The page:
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Friday, August 3, 2012

Michael Wood tells a Story of England

Now available on DVD is Michael Wood's Story of England. In this six part tale (which was edited down to four when PBS re-aired it), Wood explores a vast stretch of history by looking at a single village. Digging in the dirt, the townspeople come together to help him unearth secrets dating back hundreds, even thousands, of years.

Story of England gets through a lot in six hours. Beginning in Roman times, it then moves through the Viking invasion, the Nordic occupation, a great famine, and the Black Death, which killed two thirds of the village people. From there, the peasants fight the Hundred Years' War, battle the Tudors, and engage in civil war, before the Industrial Revolution moves them into the modern era. Finally, there's the Victorian period and World War I, culminating in the present day.

The credentials behind this series are solid. Wood is a renowned historian who has made about 80 documentaries before doing Story of England, including Great Railway Journeys, Conquistadors, and The Story of India. Having studied History and English at Oriel College, Oxford, Wood went on to be a journalist for ITV and BBC. He returned to history in the late 1970's, and eventually became popular around the world for his take on our past.

Story of England is a unique look at history because it is so localized. Set in Kibworth in Leicestershire, near the middle of England, Wood gets all of the locals to help out on the project. Looking at fragments of things unearthed in the ground, it is soon apparent that Kibworth is very, very old, indeed. The more the townspeople dig, the more they find, and they give face to the story. Learning about one's ancestors can be exciting, and for them, this is a deeply personal and moving experience.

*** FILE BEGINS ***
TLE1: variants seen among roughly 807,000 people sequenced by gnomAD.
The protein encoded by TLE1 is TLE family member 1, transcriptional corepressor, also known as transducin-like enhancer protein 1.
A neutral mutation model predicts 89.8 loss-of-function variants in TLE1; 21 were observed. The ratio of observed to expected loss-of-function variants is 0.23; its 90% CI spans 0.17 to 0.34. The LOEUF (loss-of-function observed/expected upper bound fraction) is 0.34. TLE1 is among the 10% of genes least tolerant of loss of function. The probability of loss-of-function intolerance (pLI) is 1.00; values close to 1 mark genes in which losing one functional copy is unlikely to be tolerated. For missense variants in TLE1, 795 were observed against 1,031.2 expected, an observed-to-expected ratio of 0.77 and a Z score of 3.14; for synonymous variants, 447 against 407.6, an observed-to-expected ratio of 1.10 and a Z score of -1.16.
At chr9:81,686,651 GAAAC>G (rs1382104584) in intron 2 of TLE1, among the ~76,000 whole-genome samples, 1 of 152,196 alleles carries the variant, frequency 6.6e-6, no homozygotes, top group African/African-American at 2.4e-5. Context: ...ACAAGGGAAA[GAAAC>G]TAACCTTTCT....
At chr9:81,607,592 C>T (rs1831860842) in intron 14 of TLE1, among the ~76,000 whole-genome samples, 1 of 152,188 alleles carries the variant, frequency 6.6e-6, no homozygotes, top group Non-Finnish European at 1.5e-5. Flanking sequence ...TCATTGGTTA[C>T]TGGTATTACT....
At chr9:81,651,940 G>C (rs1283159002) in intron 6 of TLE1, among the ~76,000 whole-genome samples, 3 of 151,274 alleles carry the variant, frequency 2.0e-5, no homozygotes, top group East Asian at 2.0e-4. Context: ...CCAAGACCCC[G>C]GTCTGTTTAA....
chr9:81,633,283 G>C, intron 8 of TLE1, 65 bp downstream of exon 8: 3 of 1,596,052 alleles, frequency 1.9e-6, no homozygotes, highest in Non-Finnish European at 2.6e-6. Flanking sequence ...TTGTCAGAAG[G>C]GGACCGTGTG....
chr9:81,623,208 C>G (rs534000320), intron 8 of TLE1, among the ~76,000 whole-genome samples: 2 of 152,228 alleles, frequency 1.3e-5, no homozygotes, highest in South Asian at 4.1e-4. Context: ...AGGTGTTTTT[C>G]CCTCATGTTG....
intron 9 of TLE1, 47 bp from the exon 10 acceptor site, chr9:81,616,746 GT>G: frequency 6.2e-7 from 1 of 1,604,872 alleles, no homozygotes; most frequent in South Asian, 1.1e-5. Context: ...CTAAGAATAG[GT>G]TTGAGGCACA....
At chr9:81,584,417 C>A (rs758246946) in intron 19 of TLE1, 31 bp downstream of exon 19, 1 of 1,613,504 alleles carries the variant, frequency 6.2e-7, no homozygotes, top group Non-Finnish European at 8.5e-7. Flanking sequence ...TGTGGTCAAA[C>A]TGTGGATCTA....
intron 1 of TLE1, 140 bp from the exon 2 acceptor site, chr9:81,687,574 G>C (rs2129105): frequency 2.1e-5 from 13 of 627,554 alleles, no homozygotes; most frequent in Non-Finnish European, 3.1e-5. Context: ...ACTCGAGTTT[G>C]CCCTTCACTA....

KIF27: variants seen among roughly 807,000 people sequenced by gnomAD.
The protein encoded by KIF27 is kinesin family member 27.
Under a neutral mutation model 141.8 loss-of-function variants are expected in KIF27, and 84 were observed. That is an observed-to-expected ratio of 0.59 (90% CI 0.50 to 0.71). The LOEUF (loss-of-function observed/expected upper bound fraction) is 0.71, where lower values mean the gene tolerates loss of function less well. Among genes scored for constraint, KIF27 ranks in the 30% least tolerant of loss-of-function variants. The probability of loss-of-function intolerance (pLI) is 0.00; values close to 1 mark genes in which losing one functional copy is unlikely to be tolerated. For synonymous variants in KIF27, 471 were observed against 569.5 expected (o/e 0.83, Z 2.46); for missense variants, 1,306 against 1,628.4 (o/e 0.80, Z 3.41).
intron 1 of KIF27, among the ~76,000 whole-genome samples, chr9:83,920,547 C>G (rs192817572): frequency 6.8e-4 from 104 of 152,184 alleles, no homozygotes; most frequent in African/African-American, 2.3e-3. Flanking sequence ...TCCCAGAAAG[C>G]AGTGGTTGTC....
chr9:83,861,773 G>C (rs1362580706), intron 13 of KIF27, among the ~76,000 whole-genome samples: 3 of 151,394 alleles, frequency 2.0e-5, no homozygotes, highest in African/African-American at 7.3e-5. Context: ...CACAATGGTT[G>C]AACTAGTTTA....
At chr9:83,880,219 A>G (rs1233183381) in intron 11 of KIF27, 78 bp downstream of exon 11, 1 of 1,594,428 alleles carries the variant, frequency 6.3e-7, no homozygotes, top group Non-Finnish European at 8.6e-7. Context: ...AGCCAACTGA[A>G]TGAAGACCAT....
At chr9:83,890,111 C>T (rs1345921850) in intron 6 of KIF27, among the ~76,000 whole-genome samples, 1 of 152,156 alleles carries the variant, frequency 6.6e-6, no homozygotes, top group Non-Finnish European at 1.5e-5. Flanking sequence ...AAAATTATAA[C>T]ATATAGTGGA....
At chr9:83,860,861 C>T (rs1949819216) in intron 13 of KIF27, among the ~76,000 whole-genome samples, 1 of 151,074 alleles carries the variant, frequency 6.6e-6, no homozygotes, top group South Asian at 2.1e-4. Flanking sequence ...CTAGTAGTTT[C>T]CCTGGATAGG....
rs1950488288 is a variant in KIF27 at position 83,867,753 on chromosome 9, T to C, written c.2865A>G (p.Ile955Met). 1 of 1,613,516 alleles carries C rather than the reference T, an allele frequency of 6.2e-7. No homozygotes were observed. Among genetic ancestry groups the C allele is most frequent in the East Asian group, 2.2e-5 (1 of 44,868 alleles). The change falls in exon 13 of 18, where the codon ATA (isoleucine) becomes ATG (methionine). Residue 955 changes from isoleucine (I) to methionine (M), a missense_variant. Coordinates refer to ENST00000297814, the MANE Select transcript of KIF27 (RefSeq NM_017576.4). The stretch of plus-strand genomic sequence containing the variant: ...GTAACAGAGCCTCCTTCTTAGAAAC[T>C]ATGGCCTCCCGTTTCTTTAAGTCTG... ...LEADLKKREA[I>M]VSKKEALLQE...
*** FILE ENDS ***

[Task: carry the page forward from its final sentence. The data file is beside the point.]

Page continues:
That's sort of the problem with Story of England. It is too concerned with serving Kibworth and not concerned enough with the rest of the world. It has a very narrow focus, only looking at one point on the map. Yes, Kibworth is meant to serve as a representation of the world at large, and events in the town are tied into more famous historical actions. However, for those who have not lived in Kibworth, there isn't a lot of meaning to be found here. It just isn't relevant.

Looking at one place and time can be fascinating, but usually much more so to those who have a vested interest in that place. For outsiders, it can be much more enriching to get a big picture view. This is a personal preference, admittedly, and surely many have found great value in The Story of England. I, however, am not one of them.

My other problem with this series, besides the localization, is the lack of animation or effects. Perhaps this is to blame on other history specials, which usually show graphics and visual representations of the tale they tell. But seeing little bits of broken clay that really don't look like anything isn't all that entertaining. People like Wood get a lot out of these tiny pieces, but the lay person will not. In a book, a story can be told without relying on such fancy accoutrements. On television, a visual medium, a bit more is expected, as it's hard to use one's imagination while watching moving pictures. It's a shame there wasn't some sort of effort made to be it a bit more engrossing.

That being said, there is value in a project like this. Sometimes history concentrates too much on the important people, and little attention is given to the average man, who we are much more likely descended from. In this, Story of England does a decent job of serving the masses, even if it's done in a way that won't appeal to them all that much.

Michael Wood's Story of England has no special features, and is available now on DVD.

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